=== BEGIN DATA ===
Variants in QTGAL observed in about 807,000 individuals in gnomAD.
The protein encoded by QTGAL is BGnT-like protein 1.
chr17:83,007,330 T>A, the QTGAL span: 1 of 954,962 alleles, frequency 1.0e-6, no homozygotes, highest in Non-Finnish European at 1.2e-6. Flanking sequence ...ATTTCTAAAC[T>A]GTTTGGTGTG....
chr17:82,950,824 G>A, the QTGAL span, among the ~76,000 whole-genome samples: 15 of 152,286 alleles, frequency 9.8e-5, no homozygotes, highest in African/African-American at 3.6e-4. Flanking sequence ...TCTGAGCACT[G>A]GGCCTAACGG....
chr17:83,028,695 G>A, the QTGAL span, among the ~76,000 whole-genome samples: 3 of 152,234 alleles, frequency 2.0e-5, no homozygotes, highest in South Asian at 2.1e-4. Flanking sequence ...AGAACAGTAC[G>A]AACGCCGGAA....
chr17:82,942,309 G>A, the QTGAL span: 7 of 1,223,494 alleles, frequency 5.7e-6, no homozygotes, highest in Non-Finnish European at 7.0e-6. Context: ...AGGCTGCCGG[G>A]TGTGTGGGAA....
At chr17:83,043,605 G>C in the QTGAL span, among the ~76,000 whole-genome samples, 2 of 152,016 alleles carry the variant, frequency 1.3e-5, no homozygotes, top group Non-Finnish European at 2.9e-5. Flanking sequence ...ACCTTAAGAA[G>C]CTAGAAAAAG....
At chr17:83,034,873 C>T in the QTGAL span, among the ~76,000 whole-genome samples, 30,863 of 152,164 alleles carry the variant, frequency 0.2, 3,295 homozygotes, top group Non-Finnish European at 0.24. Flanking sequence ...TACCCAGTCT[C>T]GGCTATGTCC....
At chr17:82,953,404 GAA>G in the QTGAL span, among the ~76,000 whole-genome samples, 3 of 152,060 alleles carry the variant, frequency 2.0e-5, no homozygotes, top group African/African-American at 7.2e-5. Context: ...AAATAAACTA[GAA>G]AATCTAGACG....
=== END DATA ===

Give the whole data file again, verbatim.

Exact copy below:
Variants in QTGAL observed in about 807,000 individuals in gnomAD.
The protein encoded by QTGAL is BGnT-like protein 1.
chr17:83,007,330 T>A, the QTGAL span: 1 of 954,962 alleles, frequency 1.0e-6, no homozygotes, highest in Non-Finnish European at 1.2e-6. Flanking sequence ...ATTTCTAAAC[T>A]GTTTGGTGTG....
chr17:82,950,824 G>A, the QTGAL span, among the ~76,000 whole-genome samples: 15 of 152,286 alleles, frequency 9.8e-5, no homozygotes, highest in African/African-American at 3.6e-4. Flanking sequence ...TCTGAGCACT[G>A]GGCCTAACGG....
chr17:83,028,695 G>A, the QTGAL span, among the ~76,000 whole-genome samples: 3 of 152,234 alleles, frequency 2.0e-5, no homozygotes, highest in South Asian at 2.1e-4. Flanking sequence ...AGAACAGTAC[G>A]AACGCCGGAA....
chr17:82,942,309 G>A, the QTGAL span: 7 of 1,223,494 alleles, frequency 5.7e-6, no homozygotes, highest in Non-Finnish European at 7.0e-6. Context: ...AGGCTGCCGG[G>A]TGTGTGGGAA....
At chr17:83,043,605 G>C in the QTGAL span, among the ~76,000 whole-genome samples, 2 of 152,016 alleles carry the variant, frequency 1.3e-5, no homozygotes, top group Non-Finnish European at 2.9e-5. Flanking sequence ...ACCTTAAGAA[G>C]CTAGAAAAAG....
At chr17:83,034,873 C>T in the QTGAL span, among the ~76,000 whole-genome samples, 30,863 of 152,164 alleles carry the variant, frequency 0.2, 3,295 homozygotes, top group Non-Finnish European at 0.24. Flanking sequence ...TACCCAGTCT[C>T]GGCTATGTCC....
At chr17:82,953,404 GAA>G in the QTGAL span, among the ~76,000 whole-genome samples, 3 of 152,060 alleles carry the variant, frequency 2.0e-5, no homozygotes, top group African/African-American at 7.2e-5. Context: ...AAATAAACTA[GAA>G]AATCTAGACG....